Care Plans for Nursing Homes

Creating a Care Plan

After entering a nursing home, the staff will compile medical history and conduct an assessment to create a care plan. A good long term care plan is vital to a healthy, productive and safe stay at the nursing home. The resident, family members or anyone acting on the resident's behalf has the right to be involved in developing the plan. A nursing home resident assessment begins on the first day in the nursing home. During the next two weeks, the staff will assess the resident's health, medical status and abilities. The staff will examine the resident's daily functioning activities, including dressing, eating and bathing. They will also inspect their ability to hear, speak, understand, and see, as well as their apparent strengths and weaknesses.

After no more than 3 months, the staff will reassess the resident to determine if their care plan needs to be changed. For example, a staff member may notice that a resident has begun to eat less during meals. This may alert the staff to the possibility of an underlying condition, such as cancer, pneumonia, depression or perhaps just an adverse reaction to a certain medication. Discovering the cause allows the nursing home to provide adequate care to the resident. Conducting these assessments can also alert medical staff to any abuse or neglect occurring in the facility. If a resident's health is continually changing, assessments will be conducted more frequently.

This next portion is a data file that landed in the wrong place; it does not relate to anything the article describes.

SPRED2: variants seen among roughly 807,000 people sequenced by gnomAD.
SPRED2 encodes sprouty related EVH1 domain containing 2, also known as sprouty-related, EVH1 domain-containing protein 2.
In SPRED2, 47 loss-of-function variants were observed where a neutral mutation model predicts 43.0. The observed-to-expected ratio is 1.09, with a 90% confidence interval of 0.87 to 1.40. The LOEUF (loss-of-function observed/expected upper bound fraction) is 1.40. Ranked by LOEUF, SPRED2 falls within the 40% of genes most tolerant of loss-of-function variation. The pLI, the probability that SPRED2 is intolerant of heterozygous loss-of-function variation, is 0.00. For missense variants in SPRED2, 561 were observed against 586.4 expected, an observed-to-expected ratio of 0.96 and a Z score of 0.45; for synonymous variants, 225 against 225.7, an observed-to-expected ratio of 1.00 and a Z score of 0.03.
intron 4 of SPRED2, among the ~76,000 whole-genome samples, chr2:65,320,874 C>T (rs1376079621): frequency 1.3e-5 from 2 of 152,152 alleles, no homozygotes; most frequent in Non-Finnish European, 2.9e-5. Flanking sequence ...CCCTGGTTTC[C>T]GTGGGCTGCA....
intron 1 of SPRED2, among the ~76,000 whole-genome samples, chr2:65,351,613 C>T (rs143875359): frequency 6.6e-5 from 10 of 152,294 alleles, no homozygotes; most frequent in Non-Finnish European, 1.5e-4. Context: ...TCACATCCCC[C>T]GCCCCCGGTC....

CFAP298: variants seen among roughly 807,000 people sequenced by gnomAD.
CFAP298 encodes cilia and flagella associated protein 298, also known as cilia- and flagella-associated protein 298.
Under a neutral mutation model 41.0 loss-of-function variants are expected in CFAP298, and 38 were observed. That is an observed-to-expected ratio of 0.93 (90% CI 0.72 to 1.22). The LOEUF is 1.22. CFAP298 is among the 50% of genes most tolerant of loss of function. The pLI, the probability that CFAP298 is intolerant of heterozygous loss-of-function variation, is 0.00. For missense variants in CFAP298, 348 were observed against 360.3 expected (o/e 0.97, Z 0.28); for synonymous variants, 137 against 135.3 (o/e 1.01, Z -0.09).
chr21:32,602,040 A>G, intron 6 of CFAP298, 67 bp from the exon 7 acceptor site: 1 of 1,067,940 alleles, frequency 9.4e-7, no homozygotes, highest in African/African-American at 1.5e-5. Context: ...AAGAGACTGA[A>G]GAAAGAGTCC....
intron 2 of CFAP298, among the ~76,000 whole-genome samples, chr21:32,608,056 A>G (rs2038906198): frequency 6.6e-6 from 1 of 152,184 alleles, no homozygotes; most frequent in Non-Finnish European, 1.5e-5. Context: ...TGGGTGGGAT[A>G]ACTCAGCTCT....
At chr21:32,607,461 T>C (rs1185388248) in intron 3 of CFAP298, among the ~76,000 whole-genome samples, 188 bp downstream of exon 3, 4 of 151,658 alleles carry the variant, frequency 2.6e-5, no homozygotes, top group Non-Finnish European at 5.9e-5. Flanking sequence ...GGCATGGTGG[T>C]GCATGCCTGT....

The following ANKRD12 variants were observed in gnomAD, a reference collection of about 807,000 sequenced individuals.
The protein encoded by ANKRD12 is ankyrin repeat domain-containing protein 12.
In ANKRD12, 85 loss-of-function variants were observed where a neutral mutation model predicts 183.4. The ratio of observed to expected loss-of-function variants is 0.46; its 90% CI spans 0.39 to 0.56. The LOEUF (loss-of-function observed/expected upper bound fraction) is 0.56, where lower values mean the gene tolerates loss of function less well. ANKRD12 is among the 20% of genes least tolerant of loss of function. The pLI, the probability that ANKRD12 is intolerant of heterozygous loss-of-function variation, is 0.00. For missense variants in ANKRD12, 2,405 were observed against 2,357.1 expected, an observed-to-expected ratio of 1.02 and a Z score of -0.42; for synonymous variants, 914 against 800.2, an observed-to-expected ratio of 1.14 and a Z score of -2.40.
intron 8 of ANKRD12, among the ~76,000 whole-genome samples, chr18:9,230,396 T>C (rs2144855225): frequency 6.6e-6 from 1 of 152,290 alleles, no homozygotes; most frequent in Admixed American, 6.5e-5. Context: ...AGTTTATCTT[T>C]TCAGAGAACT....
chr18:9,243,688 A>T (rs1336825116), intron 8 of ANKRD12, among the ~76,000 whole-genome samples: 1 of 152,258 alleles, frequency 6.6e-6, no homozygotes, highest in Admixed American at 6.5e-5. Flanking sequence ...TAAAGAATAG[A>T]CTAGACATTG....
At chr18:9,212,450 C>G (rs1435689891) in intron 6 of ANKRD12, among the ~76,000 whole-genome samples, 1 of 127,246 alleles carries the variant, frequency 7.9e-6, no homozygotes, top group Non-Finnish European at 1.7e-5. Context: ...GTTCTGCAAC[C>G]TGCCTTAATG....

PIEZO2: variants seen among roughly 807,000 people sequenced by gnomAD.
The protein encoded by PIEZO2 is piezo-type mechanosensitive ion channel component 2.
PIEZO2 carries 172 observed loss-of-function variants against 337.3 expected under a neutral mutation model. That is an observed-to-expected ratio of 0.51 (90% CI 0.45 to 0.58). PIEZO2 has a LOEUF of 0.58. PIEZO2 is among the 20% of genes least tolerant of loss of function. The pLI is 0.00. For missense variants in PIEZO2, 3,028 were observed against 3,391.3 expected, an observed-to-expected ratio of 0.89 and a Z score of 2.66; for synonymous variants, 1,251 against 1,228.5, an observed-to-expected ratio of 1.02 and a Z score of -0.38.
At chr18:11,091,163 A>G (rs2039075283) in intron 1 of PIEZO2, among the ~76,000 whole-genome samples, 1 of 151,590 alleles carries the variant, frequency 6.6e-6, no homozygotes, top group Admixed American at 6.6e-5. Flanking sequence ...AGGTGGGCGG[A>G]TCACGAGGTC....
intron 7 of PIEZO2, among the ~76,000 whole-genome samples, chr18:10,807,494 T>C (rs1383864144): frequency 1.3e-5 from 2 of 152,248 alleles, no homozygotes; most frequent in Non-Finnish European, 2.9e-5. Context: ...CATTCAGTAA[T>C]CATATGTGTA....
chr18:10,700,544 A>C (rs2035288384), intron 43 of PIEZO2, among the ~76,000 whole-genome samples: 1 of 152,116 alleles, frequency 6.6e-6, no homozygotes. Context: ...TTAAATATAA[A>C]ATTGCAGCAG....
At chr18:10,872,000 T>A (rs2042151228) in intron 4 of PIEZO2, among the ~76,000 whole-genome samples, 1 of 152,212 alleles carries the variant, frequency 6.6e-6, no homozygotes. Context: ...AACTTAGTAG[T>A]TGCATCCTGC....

After the medical staff completes the first assessment, an individualized care plan begins to develop. The plan strategizes how the staff can fulfill the needs of the nursing home resident. For example, certain occupants may need a nurse to help with daily bathing, while others need an aide to push their wheelchair to every meal. Some elements of a care plan may include:

  • Personal and healthcare services
  • Staff needed to provide these services
  • Frequency of services
  • Specialized diet
  • Equipment, including wheelchairs, feeding tubes, walkers, etc.
  • Health goals and how the facility can meet these goals

Including family members in the development of care plans maximizes the effectiveness of the plan. Asking questions, discussing treatment options, monitoring the plan after its implementation and talking with doctors and nurses can help ensure that a loved one is getting the care they deserve.